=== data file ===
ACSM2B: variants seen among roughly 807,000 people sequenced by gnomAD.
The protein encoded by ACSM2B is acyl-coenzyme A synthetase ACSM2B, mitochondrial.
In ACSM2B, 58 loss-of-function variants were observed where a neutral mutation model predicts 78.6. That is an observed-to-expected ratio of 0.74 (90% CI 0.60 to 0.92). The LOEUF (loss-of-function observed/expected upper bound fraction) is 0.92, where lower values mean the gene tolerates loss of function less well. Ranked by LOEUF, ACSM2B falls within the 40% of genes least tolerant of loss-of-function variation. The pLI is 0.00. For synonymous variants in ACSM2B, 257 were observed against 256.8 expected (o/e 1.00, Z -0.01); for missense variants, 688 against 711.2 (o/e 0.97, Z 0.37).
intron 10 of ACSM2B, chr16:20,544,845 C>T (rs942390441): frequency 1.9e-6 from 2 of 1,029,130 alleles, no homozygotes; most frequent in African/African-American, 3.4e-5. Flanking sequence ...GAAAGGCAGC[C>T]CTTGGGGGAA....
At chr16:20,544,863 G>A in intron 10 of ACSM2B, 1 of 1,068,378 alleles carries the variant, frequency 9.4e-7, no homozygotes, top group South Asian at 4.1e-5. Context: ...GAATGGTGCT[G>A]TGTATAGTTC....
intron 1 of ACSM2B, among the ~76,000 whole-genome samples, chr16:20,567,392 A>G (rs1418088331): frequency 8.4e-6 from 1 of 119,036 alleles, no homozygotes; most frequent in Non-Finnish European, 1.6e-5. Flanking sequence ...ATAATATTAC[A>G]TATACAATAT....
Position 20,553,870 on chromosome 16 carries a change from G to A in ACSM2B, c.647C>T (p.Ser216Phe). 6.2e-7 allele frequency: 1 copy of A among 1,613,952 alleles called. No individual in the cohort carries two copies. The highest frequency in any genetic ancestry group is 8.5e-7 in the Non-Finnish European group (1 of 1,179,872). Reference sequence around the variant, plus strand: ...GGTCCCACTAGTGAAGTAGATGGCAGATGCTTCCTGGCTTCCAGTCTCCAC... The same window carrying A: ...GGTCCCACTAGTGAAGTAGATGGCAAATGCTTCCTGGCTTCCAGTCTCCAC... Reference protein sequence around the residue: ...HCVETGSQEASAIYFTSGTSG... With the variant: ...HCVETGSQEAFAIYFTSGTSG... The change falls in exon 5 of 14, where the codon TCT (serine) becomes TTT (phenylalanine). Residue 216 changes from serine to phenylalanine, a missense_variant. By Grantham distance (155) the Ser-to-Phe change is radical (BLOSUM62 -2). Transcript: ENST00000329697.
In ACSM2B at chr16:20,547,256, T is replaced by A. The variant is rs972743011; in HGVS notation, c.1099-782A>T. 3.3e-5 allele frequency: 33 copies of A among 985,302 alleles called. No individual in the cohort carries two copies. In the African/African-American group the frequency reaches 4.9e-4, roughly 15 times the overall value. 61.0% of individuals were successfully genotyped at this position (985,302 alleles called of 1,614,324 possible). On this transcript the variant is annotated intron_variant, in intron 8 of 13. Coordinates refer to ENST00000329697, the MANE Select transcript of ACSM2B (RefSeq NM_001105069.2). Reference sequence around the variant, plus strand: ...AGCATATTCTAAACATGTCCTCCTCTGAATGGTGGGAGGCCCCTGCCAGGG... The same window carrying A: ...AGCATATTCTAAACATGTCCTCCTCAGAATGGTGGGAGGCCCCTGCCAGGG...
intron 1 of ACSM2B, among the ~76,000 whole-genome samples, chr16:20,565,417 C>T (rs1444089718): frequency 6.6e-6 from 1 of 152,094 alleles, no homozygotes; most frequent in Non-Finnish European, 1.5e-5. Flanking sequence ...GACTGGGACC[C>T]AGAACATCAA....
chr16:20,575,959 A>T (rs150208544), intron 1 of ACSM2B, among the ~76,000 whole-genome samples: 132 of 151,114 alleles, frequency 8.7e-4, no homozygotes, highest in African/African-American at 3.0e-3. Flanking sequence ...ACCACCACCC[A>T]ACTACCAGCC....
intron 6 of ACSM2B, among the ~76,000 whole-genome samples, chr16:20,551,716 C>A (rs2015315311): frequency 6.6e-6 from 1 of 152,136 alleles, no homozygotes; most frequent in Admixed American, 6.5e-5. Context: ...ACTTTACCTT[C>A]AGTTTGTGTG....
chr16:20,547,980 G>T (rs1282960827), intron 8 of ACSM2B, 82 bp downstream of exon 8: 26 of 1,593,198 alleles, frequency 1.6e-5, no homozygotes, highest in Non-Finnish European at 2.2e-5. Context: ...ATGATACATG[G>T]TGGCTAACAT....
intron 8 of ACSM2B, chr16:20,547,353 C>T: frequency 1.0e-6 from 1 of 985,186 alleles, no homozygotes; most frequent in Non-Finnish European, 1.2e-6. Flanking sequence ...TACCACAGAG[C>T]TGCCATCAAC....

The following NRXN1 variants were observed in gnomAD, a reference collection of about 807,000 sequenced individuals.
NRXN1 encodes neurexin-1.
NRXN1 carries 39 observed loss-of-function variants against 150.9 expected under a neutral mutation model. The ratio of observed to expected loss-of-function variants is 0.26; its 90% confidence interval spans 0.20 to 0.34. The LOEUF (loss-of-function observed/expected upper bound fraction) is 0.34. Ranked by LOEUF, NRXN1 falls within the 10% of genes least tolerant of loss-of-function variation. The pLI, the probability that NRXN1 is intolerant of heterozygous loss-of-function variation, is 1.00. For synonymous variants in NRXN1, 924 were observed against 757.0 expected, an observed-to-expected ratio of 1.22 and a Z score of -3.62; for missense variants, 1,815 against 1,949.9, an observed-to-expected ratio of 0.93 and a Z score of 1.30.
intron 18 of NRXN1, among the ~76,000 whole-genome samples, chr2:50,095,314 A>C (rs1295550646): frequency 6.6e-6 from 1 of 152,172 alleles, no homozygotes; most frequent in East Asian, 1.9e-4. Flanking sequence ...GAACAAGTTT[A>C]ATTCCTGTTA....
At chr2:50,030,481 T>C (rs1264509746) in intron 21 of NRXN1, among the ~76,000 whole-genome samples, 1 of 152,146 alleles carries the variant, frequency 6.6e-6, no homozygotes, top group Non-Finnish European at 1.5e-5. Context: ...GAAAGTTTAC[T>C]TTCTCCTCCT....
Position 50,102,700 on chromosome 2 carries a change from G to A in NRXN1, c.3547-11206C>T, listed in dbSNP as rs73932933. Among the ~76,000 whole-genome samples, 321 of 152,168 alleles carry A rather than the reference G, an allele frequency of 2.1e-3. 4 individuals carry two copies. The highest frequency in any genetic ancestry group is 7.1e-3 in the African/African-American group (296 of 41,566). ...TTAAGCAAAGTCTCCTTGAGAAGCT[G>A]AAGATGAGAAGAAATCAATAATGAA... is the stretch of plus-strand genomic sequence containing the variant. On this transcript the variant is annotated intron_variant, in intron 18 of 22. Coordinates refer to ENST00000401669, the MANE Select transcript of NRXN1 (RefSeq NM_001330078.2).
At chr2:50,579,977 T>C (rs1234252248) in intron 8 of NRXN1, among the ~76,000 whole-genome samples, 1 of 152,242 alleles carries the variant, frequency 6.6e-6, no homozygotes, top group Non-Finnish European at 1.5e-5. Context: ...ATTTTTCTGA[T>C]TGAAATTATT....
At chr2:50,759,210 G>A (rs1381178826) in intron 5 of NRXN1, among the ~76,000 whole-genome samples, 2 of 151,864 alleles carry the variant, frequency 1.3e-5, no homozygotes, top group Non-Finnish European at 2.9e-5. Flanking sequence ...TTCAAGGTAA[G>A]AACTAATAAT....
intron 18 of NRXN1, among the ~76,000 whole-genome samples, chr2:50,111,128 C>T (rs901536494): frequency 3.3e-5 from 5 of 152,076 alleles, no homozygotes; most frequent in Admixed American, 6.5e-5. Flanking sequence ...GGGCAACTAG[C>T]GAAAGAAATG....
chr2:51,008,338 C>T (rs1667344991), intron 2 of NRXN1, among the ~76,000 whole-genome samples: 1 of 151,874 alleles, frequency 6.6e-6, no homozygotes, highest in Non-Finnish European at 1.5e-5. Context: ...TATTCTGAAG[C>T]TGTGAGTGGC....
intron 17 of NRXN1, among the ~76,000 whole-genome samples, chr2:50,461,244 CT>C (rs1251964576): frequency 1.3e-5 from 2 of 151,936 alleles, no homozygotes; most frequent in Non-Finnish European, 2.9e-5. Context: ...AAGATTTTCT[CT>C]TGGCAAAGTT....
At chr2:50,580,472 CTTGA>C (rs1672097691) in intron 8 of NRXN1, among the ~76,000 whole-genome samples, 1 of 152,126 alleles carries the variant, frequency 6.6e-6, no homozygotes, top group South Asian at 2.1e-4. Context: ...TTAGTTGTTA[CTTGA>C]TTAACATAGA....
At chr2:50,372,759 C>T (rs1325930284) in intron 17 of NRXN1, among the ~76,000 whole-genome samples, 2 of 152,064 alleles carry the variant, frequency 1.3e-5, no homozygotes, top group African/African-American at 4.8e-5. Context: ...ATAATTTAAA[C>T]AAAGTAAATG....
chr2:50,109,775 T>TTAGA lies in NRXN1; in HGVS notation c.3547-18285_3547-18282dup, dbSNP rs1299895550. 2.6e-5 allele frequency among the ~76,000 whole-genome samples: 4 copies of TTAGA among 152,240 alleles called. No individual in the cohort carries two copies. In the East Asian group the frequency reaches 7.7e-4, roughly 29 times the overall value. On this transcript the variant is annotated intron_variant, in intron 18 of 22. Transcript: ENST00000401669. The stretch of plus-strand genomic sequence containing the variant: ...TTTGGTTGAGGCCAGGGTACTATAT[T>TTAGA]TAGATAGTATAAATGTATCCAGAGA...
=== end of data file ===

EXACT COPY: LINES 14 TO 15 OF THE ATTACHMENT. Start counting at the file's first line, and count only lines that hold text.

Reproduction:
The following NRXN1 variants were observed in gnomAD, a reference collection of about 807,000 sequenced individuals.
NRXN1 encodes neurexin-1.